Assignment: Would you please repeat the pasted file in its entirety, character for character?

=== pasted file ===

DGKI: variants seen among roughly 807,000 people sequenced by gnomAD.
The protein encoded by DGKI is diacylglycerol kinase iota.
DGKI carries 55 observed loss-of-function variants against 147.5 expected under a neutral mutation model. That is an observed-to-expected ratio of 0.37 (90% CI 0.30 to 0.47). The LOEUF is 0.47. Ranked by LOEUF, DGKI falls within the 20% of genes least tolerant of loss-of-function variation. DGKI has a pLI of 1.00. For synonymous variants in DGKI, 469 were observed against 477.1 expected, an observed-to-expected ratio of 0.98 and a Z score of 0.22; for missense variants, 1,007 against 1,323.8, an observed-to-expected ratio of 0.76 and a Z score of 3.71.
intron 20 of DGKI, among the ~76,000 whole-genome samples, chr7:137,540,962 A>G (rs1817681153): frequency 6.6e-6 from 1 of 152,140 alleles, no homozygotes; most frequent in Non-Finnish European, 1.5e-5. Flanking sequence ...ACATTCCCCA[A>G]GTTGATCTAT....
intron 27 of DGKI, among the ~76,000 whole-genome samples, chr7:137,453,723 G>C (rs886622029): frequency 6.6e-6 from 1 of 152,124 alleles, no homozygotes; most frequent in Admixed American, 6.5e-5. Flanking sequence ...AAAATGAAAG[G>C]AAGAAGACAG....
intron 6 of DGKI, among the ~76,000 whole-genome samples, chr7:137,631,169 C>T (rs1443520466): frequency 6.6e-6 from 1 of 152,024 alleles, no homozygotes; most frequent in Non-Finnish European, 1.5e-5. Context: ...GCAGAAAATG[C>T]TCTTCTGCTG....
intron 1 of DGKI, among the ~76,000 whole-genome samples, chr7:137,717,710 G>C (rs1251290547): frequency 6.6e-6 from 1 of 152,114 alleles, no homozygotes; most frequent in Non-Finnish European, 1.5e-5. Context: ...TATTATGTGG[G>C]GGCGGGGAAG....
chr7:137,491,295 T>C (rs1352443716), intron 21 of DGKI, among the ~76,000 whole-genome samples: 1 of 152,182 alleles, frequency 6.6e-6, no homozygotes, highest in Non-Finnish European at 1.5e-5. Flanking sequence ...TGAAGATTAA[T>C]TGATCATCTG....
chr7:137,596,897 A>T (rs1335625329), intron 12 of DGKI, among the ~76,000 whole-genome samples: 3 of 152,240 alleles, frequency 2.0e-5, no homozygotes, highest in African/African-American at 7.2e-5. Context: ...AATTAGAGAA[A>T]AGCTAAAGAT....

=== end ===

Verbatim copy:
DGKI: variants seen among roughly 807,000 people sequenced by gnomAD.
The protein encoded by DGKI is diacylglycerol kinase iota.
DGKI carries 55 observed loss-of-function variants against 147.5 expected under a neutral mutation model. That is an observed-to-expected ratio of 0.37 (90% CI 0.30 to 0.47). The LOEUF is 0.47. Ranked by LOEUF, DGKI falls within the 20% of genes least tolerant of loss-of-function variation. DGKI has a pLI of 1.00. For synonymous variants in DGKI, 469 were observed against 477.1 expected, an observed-to-expected ratio of 0.98 and a Z score of 0.22; for missense variants, 1,007 against 1,323.8, an observed-to-expected ratio of 0.76 and a Z score of 3.71.
intron 20 of DGKI, among the ~76,000 whole-genome samples, chr7:137,540,962 A>G (rs1817681153): frequency 6.6e-6 from 1 of 152,140 alleles, no homozygotes; most frequent in Non-Finnish European, 1.5e-5. Flanking sequence ...ACATTCCCCA[A>G]GTTGATCTAT....
intron 27 of DGKI, among the ~76,000 whole-genome samples, chr7:137,453,723 G>C (rs886622029): frequency 6.6e-6 from 1 of 152,124 alleles, no homozygotes; most frequent in Admixed American, 6.5e-5. Flanking sequence ...AAAATGAAAG[G>C]AAGAAGACAG....
intron 6 of DGKI, among the ~76,000 whole-genome samples, chr7:137,631,169 C>T (rs1443520466): frequency 6.6e-6 from 1 of 152,024 alleles, no homozygotes; most frequent in Non-Finnish European, 1.5e-5. Context: ...GCAGAAAATG[C>T]TCTTCTGCTG....
intron 1 of DGKI, among the ~76,000 whole-genome samples, chr7:137,717,710 G>C (rs1251290547): frequency 6.6e-6 from 1 of 152,114 alleles, no homozygotes; most frequent in Non-Finnish European, 1.5e-5. Context: ...TATTATGTGG[G>C]GGCGGGGAAG....
chr7:137,491,295 T>C (rs1352443716), intron 21 of DGKI, among the ~76,000 whole-genome samples: 1 of 152,182 alleles, frequency 6.6e-6, no homozygotes, highest in Non-Finnish European at 1.5e-5. Flanking sequence ...TGAAGATTAA[T>C]TGATCATCTG....
chr7:137,596,897 A>T (rs1335625329), intron 12 of DGKI, among the ~76,000 whole-genome samples: 3 of 152,240 alleles, frequency 2.0e-5, no homozygotes, highest in African/African-American at 7.2e-5. Context: ...AATTAGAGAA[A>T]AGCTAAAGAT....